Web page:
How James Buchanan Barnes, aka the Winter Soldier, ended up working the dish pit at Hardison's brew pub was something of a mystery. On a scale of surprising things, Eliot was more surprised by Barnes showing up one day looking like a kicked dog and asking for help than he was that time SHIELD turned out to be HYDRA (No, really, a shadowy organization beholden to very few authorities was secretly fascistic? Where the hell was the secret?) and slightly less surprised than when his old military buddy Rhodes had shown up flying around in one of Stark's fancy suits.
The point was, Barnes was a good man for washing dishes. It hadn't been hard to slot him into the kitchen; one of the kids on dish was ready for promotion to the line anyway. The Brewpub staff weren't inclined to ask questions about quiet people who showed up in worn out clothes needing jobs and maybe a cot in a back room.
If laying low and doing tedious work while he thought real hard about who he used to be, who he was now, and who he wanted to be was what Barnes needed, Leverage, International could give him that space.
Though it was hard as hell to keep Hardison from bothering the man about his arm. And also annoying to have to listen to Hardison make horny noises about the "murder strut," And Parker wasn't much better. But Eliot had to admit, Parker's habit of pestering people had helped him relax and trust that other people could be in his space without wanting to hurt him. So he didn't try too hard to keep Parker from showing up in the dish pit armed with her poky finger and a lot of personal questions.
Eliot tried to give Barnes his space. Hardison had danced around the question early in Barnes's stay. Wouldn't it be good for Barnes to have someone to talk to who could at least understand some of what he'd experienced? But Barnes no doubt knew everything there was to know about Eliot, and if he wanted to talk, he could make the first move. He didn't need Eliot pushing him.
But there was one thing that drove Eliot crazy. The damn meal replacement powder. Barnes was being paid overtime for his shifts on dishes - Eliot had ended up promoting both the former dish kids into the kitchen, because Barnes always wanted to work. He had a roof over his head in a storage room Eliot cleared out for him, and he was welcome to eat off the menu like the rest of he staff did, or use the kitchen when the brewpub was closed. And there was always family meal before dinner service.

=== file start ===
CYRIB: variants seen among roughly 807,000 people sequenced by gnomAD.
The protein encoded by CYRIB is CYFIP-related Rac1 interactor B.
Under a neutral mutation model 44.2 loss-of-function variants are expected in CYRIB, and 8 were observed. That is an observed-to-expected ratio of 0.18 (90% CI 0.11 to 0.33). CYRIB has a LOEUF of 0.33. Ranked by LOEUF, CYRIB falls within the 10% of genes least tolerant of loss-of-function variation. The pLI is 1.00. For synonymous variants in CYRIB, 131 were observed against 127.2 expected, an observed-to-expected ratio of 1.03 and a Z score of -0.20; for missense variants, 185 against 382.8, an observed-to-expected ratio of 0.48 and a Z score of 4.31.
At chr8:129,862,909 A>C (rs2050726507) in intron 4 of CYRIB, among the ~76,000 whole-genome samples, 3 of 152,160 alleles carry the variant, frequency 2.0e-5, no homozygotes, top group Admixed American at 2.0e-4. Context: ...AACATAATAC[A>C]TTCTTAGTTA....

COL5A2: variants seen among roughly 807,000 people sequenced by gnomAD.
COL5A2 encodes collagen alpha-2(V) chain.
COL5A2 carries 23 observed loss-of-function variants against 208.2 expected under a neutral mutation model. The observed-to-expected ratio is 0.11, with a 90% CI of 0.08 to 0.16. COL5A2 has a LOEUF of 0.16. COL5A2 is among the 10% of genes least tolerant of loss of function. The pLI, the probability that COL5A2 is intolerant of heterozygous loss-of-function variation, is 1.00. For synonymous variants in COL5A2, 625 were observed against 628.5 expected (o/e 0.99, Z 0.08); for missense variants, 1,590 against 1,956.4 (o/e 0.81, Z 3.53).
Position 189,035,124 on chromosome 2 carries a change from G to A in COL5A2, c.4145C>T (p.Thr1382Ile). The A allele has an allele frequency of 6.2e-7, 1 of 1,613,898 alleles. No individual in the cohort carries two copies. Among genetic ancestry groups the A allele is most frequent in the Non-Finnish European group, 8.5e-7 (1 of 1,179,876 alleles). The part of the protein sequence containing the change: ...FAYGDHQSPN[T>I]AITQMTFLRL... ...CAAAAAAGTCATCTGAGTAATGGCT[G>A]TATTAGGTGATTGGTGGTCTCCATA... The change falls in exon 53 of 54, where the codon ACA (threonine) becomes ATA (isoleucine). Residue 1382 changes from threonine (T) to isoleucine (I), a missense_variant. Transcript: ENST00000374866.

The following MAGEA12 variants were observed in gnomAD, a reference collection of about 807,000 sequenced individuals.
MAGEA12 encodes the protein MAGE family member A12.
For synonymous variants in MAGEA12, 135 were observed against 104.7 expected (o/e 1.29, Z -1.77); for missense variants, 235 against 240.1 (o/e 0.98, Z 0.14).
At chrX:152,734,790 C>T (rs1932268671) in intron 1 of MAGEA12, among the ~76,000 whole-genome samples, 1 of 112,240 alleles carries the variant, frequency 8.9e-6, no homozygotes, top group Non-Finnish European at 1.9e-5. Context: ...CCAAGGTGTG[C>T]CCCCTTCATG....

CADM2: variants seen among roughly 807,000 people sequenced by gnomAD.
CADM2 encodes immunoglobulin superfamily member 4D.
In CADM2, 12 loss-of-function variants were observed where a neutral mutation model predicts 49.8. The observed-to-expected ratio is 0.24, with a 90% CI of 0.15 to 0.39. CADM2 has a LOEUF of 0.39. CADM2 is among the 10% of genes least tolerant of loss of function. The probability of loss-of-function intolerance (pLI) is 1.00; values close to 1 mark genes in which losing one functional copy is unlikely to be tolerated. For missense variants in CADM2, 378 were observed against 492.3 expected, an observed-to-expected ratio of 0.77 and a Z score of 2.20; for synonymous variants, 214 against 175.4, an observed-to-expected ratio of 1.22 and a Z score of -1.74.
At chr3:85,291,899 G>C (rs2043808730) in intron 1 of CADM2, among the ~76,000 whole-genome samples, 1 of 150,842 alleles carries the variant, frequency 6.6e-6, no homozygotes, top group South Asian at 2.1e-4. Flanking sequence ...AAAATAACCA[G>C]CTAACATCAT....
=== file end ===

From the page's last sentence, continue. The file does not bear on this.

But did Barnes eat with the rest of them? No. He didn't so much as microwave frozen dinners. Just bought these giant tubs of Soylent powder and mixed them straight up with water.
Imagine being surrounded by so much good food and eating grotesquely named nerd fuel instead.
One evening just after closing, Eliot called Barnes back into the kitchen.
"Hey, c'mere man, taste something for me?"
Eliot's sous chef was working on a new dish that he wanted to put on the menu soon.
Barnes walked into the kitchen, that posture that made him look small even though he was buff as hell.
'What is it?" he asked.
"Constanza's working on a cold chicken, leek and pancetta pie. Render the pancetta down, caramelize the leeks in it, brown the chicken, the whole thing's in a rough puff shell with a demi-glace gravy binding the filling. Here, have a bite? Still workin on the food costs, but the pancetta's worth it, I think."
He handed Barnes a plate with a slice of savory pie and a fork.
Barnes took a mouthful and chewed.
"It's good," he said.
"You know, you're welcome to eat with the rest of us before service, there's always plenty," Eliot said.
"Thanks," Barnes said, "but I don't need to. I get enough to eat."
"That ain't food," Eliot said, keeping an easy smile on his face, "that's fuel."
"Am I not working fast enough? I can do better," Barnes said softly. His long hair fell in front of his eyes, and his mouth was turned down anxiously.
Fuck, right. Barnes was still somewhere, lost and trying to find his way back, but basically institutionalized through and through. Still facing the immense idea that no one was telling him what to do next.
"Hey, no," Eliot said. He took the plate out of Barnes's hand and set it down on a counter.
"You're not in trouble. You can keep drinking those damn shakes the rest of your life if that's what you want. But food ain't just fuel, and you're not just somethin' that has to keep fueled up and do a job."
Barnes shrugged as if he had no response to that.
"Okay, let's start with something simple," Eliot said, tying on an apron, "Pancakes."